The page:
#SimBlog: Paediatric Trauma
“Paediatric Trauma Call (5 mins): Multi-vehicle road traffic accident with side-on collision. 8-year-old in rear passenger seat. C-spine immobilised, pain identified in left chest, left lower abdomen and left hip.”
Worse yet, there were next to no available staff for simulation. Thanks then to the medical students, allied health professionals and international clinical fellow all led by our resident PEM registrar. Of course, in reality a trauma team would gather, but forgiving this lack of fidelity our team stepped up and quickly identified the following during the primary survey…
<C> No sign of catastrophic haemorrhage
A: C-spine immobilised, talking full sentences
B: Trachea central, air entry bilaterally, some tenderness to left lower chest wall, no flail chest, no pneumothorax, no haemothorax, 15 breaths per minute, saturations 98%
C: HR 100 beats per minute, blood pressure 100/70mmHg, CRT 2 seconds, no visible bleeding
D: GCS 15/15, PERL, no signs of head injury
E: Tender right hip, right abdomen, temperature 36.5°C, no life threatening limb injuries
With the mother comforted and supported to calm the child, the pelvic binder was called for. Already adequate pain relief (intravenous morphine) was onboard and moments later the pelvic binder was in place and secured. Our child yelled out “get it off, get it off!”. It stayed on and efforts succeeded in reassuring and calming the child.
Following a short debrief focusing on the approach to paediatric trauma, we then took the opportunities to explore the use of the pelvic binder.
We then proceeded to discuss the Top 5 pelvic binder mistakes…
Examining with too much pressure
Log rolling more than 20 degrees
Not removing clothing first
Placing too high up in wrong position
Loosening the pelvic binder too early
So when do we need a pelvic binder?
Very simply, when we worry about pelvic fractures (see next section). Whilst their use has a largely evidence-free military history, they are widely regarded as effective and essential in protecting and securing the pelvis until definitive management follows.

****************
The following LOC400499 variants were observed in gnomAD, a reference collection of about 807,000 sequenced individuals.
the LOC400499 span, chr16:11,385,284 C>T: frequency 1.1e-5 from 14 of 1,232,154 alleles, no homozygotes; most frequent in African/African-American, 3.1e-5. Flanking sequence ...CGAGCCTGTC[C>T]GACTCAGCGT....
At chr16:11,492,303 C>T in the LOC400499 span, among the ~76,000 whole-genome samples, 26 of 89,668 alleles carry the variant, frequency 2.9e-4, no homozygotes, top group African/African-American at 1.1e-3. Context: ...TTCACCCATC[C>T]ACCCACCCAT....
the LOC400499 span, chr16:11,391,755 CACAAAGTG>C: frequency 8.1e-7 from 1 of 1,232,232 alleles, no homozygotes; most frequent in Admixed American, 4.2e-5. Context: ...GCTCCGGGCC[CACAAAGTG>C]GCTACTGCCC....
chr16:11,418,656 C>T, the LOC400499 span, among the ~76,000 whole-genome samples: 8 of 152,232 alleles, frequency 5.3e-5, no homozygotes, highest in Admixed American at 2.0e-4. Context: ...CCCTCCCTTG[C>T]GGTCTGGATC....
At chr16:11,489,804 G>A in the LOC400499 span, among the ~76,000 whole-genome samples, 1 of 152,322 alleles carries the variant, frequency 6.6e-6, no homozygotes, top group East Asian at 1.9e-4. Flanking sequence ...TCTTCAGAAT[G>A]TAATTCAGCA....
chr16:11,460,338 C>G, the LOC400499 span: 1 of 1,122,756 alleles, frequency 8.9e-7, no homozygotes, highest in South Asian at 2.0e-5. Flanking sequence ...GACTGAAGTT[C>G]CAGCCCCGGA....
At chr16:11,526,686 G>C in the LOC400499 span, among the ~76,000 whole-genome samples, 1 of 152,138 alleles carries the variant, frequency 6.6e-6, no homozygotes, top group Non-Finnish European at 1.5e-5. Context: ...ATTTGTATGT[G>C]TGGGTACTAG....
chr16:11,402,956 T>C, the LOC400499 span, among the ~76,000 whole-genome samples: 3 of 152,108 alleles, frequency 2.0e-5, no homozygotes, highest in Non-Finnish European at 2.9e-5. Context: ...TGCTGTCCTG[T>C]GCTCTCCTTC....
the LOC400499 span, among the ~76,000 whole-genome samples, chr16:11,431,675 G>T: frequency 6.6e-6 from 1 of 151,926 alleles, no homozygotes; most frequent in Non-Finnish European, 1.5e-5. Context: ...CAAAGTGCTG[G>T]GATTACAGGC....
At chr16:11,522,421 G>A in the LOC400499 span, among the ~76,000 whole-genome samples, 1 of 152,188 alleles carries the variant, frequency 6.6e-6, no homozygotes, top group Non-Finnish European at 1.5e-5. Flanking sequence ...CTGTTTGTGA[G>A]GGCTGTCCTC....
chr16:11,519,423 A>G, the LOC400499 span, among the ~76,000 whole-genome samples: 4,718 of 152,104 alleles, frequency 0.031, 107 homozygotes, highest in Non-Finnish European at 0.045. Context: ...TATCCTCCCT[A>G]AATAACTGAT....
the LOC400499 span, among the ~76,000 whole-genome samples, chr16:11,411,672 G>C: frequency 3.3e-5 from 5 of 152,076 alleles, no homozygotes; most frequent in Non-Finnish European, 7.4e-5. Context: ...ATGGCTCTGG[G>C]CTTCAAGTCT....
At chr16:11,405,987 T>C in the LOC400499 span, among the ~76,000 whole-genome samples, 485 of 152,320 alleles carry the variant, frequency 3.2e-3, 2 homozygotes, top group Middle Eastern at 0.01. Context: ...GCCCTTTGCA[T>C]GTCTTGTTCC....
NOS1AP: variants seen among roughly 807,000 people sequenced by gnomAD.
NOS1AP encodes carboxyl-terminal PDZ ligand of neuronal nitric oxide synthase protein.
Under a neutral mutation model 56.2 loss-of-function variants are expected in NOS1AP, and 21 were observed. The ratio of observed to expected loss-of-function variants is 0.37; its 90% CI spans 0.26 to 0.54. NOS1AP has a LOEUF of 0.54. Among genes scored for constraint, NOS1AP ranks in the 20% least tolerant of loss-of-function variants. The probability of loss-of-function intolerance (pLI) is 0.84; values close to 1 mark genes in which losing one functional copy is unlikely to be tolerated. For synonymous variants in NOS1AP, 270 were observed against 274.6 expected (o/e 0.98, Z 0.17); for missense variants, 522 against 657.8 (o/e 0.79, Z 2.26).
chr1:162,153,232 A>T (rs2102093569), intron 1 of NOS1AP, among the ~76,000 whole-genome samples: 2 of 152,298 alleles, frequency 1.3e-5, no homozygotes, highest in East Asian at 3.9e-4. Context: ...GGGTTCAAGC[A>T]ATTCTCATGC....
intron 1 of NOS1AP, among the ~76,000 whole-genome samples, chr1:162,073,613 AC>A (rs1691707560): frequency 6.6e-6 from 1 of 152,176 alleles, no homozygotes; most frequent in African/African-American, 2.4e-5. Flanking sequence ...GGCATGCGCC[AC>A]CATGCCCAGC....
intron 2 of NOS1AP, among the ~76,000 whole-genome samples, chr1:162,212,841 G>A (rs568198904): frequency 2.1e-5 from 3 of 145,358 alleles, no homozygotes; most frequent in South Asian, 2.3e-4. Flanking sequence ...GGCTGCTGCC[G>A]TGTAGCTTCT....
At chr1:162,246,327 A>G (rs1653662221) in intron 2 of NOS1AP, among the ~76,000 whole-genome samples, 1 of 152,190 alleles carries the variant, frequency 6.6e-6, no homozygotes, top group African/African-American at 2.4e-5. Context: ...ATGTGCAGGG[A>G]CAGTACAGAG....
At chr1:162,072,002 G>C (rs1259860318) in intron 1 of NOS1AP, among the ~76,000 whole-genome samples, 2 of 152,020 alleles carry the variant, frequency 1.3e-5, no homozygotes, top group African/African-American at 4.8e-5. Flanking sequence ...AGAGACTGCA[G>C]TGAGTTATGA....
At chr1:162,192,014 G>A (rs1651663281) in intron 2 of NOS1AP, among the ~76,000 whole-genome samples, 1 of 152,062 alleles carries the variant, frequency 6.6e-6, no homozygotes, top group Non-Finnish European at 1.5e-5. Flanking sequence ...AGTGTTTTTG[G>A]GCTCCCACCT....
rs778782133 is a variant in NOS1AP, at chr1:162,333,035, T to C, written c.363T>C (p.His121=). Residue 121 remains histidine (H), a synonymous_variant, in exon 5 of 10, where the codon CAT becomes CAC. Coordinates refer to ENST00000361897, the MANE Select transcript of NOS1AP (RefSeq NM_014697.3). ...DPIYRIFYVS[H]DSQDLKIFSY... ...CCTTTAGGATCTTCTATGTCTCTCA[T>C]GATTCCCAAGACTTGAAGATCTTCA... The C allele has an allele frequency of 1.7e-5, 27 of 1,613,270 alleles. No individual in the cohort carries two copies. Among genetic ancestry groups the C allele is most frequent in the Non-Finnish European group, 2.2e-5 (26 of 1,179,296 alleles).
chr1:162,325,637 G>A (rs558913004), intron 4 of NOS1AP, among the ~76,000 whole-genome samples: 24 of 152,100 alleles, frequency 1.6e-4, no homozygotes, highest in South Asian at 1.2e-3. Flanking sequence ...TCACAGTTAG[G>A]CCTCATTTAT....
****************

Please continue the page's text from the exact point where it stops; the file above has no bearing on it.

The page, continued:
Why do we worry about pelvic fractures?
Pelvic fractures can be life-threatening. When associated with major haemorrhage the bleeding can be difficult to identify let alone control. Pelvic fractures are less common in children as significant energy is required to fracture the paediatric pelvis. As such, other injuries commonly coexist alongside a paediatric pelvic fracture including, for example, significant abdominal or head injury. Bottom line: be vigilant.
So when would we suspect a pelvic fracture?
Well, as eluded to already, we would require a significant mechanism of injury such as a road traffic accident or fall from a significant height. In our case, we have some reason to be optimistic as lateral impacts are less concerning than anterior to posterior impacts. None the less, in this case we have good cause for concern, two vehicles colliding at speed mean all bets are off. Pelvic binders are not always applied prehospital. When they are in place on arrival in hospital it is important to (1) not to assume they are placed correctly and (2) not to remove them prematurely. It can be argued that if the mechanism is concerning, there is any cardiovascular instability or any reduced level in conscious level a pelvic binder should be applied and not removed until imaging can exclude significant fracture.
What about examination?
In short, be gentle as you could easily dislodge the “first clot” or worse still displace the fracture further. LOOK for bruising, asymmetry or deformity. FEEL bony landmarks (gently) including the iliac crests, posterior sacroiliac joints, ischial tuberosity and the spine. Include gentle COMPRESSION of the iliac crests. If pain or instability is identified, apply a pelvic binder and proceed to imaging.
Given the adjacent viscera, external genitalia and the urinary meatus should be examined for signs of bleeding. A perineal haematoma may elude to concealed bleeding also. Check the abdomen and consider lower limb symmetry, fractures and neurovascular status. Whilst not commonly performed in children rectal and vaginal examination may or may not be necessary.
So, pelvic XR or CT?
A pelvic x-ray is pragmatically available during ongoing resuscitation. As such, if “there is acute concern due to haemodynamic instability or uncertainty due to reduced conscious level or a distracting injury” then pelvic XR is a sensible choice (especially in children).
The exception to this is if CT imaging is planned for the abdomen acutely. In this case it is preferable to do away with pelvic XRs and proceed straight to CT.
Whatever the case or the role – the limitations of each modality must be understood. The pelvic XR is helpful at excluding a pelvic fracture as the causing of major haemorrhage, it cannot exclude pelvic fracture entirely.
Equally the role for CT pelvis is to determine definitively if there is a pelvic ring injury, however minor. It also characterises any such injury and informs management whereby interventional radiology may be suitable for addressing ongoing haemorrhage. Indeed, even when plain x-rays identify an injury, CT is often necessary at a later stage to delineate the detail of injury further and exclude associated injuries (both bony and visceral).